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Level 3 Slashes CDN Prices

Light Reading
News Analysis
Light Reading
10/4/2007
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Level 3 Communications Inc. (NYSE: LVLT) is lowering prices for content delivery network (CDN) services to match the same price customers pay for high-speed IP transport.

By matching transport prices, Level 3 is doing away with any premium it charges for caching and downloading online content, and is setting prices at a point it hopes its competitors can't match.

Lisa Guillaume, VP of CDN Product Development for Level 3, says CDN services are usually carry a 20 to 30 percent premium over the cost of transport.

Level 3 claims it can do this because it owns the backhaul network its content is delivered on. In contrast, it says competitors such as Akamai Technologies Inc. (Nasdaq: AKAM) or Limelight Networks Inc. (Nasdaq: LLNW) depend on Level 3 and other carriers for transport services.

"We have a significant advantage here," says Guillaume. "We provide underlying services for what is our direct competition. What this means for them is that we're able to offer CDN services at the same price that they're able to buy only one component to offer CDN services."

Level 3's lowered pricing comes on top of heavy discounting already reported in the CDN marketplace. Over the past several months, Akamai and Limelight have seen shares fall due to disappointing earnings in light of discounting and other pricing pressures. (See CDNs See 3 Price Pressures, More CDN Pressures Ahead, and Analysts: Akamai Was Too High.)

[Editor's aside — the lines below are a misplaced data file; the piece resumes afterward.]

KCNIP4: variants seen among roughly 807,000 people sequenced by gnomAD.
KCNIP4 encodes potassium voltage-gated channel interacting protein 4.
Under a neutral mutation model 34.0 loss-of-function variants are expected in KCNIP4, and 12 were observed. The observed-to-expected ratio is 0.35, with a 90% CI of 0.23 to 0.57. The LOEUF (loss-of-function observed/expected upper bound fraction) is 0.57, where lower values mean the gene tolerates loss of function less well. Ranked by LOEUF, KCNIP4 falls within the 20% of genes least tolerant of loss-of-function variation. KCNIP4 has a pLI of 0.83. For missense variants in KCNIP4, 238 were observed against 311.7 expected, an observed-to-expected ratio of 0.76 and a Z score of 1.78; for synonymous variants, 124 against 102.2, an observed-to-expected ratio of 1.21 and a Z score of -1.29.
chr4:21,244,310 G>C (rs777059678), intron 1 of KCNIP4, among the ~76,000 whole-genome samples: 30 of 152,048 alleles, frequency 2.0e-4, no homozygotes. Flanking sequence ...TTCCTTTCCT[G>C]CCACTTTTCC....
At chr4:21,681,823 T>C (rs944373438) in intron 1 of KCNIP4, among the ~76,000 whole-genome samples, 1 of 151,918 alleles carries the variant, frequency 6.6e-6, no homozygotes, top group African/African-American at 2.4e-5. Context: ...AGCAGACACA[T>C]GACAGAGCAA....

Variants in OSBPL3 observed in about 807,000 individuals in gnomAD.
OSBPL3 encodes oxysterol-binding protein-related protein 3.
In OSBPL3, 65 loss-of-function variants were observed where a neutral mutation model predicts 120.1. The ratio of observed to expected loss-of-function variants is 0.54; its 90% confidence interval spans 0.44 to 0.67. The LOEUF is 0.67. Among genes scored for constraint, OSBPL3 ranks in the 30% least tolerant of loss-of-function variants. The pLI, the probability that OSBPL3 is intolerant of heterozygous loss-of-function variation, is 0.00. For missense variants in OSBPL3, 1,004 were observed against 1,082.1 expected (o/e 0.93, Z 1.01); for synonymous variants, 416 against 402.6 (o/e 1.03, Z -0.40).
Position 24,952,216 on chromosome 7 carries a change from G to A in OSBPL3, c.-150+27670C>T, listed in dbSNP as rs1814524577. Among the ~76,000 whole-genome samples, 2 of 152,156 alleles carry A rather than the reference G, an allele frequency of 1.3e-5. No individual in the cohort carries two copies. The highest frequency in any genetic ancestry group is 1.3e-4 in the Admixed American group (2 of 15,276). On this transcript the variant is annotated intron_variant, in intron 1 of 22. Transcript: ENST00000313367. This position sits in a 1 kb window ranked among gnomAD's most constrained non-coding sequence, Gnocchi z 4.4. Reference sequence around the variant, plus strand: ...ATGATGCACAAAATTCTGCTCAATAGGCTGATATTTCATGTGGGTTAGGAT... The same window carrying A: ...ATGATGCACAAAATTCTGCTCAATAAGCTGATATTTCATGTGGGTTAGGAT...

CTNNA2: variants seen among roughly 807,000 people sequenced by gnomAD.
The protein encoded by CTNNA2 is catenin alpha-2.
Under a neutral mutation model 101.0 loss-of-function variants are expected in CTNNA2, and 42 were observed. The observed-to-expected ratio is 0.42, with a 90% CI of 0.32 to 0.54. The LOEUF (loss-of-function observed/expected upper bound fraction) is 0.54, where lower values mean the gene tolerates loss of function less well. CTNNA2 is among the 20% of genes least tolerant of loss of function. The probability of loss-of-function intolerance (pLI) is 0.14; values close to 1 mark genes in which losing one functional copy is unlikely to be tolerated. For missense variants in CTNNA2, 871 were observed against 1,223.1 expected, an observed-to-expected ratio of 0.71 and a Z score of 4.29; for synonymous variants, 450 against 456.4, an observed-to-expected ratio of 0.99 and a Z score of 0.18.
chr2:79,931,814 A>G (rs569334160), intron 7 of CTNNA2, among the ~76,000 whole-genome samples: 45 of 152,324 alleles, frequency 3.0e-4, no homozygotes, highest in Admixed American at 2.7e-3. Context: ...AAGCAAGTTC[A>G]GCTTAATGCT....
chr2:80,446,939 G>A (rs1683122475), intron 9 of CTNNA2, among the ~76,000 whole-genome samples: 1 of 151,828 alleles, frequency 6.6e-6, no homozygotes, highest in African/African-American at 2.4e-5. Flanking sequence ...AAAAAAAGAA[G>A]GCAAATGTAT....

The new pricing marks the latest in a series of aggressive moves Level 3 has made to target the content delivery market since acquiring Savvis's CDN assets earlier this year. (See Level 3 Spends $135M on Savvis CDN, Level 3 Completes Buy, and Level 3 Looks for Big CDN Push.)

Since then, Level 3 announced the availability of caching and downloading services in May, and purchased the assets of European streaming media provider ServeCast in August.(See Level 3 Enhances Platform and Level 3 Buys Servecast.)

For now, the lower prices are for caching and downloading only. Level 3 hopes to have its streaming services ready by mid-November. That will allow the company to compete with Akamai, Limelight, and others not just for static and progressive media downloads, but for rich media streaming as well.